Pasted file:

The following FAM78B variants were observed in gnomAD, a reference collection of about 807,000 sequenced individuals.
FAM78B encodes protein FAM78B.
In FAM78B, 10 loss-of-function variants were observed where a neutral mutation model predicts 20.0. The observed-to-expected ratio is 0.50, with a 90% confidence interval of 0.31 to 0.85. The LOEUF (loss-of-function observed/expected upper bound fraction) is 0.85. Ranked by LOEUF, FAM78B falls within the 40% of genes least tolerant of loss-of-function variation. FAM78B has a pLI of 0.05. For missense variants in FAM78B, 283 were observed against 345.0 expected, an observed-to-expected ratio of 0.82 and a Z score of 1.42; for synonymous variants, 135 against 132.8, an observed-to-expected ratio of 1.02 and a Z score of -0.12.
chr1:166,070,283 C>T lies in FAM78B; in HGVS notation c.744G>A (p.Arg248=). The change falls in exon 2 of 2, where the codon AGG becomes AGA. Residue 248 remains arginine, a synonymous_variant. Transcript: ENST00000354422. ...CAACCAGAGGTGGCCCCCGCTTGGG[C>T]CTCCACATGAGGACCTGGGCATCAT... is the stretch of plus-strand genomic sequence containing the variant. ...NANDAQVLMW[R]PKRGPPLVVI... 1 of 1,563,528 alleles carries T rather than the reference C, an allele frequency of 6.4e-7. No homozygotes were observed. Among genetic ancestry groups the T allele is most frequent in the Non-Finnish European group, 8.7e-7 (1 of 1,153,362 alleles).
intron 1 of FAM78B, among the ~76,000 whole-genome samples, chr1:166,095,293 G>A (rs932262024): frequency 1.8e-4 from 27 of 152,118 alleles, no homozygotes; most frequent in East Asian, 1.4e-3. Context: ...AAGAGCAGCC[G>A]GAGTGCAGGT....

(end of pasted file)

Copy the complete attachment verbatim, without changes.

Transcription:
The following FAM78B variants were observed in gnomAD, a reference collection of about 807,000 sequenced individuals.
FAM78B encodes protein FAM78B.
In FAM78B, 10 loss-of-function variants were observed where a neutral mutation model predicts 20.0. The observed-to-expected ratio is 0.50, with a 90% confidence interval of 0.31 to 0.85. The LOEUF (loss-of-function observed/expected upper bound fraction) is 0.85. Ranked by LOEUF, FAM78B falls within the 40% of genes least tolerant of loss-of-function variation. FAM78B has a pLI of 0.05. For missense variants in FAM78B, 283 were observed against 345.0 expected, an observed-to-expected ratio of 0.82 and a Z score of 1.42; for synonymous variants, 135 against 132.8, an observed-to-expected ratio of 1.02 and a Z score of -0.12.
chr1:166,070,283 C>T lies in FAM78B; in HGVS notation c.744G>A (p.Arg248=). The change falls in exon 2 of 2, where the codon AGG becomes AGA. Residue 248 remains arginine, a synonymous_variant. Transcript: ENST00000354422. ...CAACCAGAGGTGGCCCCCGCTTGGG[C>T]CTCCACATGAGGACCTGGGCATCAT... is the stretch of plus-strand genomic sequence containing the variant. ...NANDAQVLMW[R]PKRGPPLVVI... 1 of 1,563,528 alleles carries T rather than the reference C, an allele frequency of 6.4e-7. No homozygotes were observed. Among genetic ancestry groups the T allele is most frequent in the Non-Finnish European group, 8.7e-7 (1 of 1,153,362 alleles).
intron 1 of FAM78B, among the ~76,000 whole-genome samples, chr1:166,095,293 G>A (rs932262024): frequency 1.8e-4 from 27 of 152,118 alleles, no homozygotes; most frequent in East Asian, 1.4e-3. Context: ...AAGAGCAGCC[G>A]GAGTGCAGGT....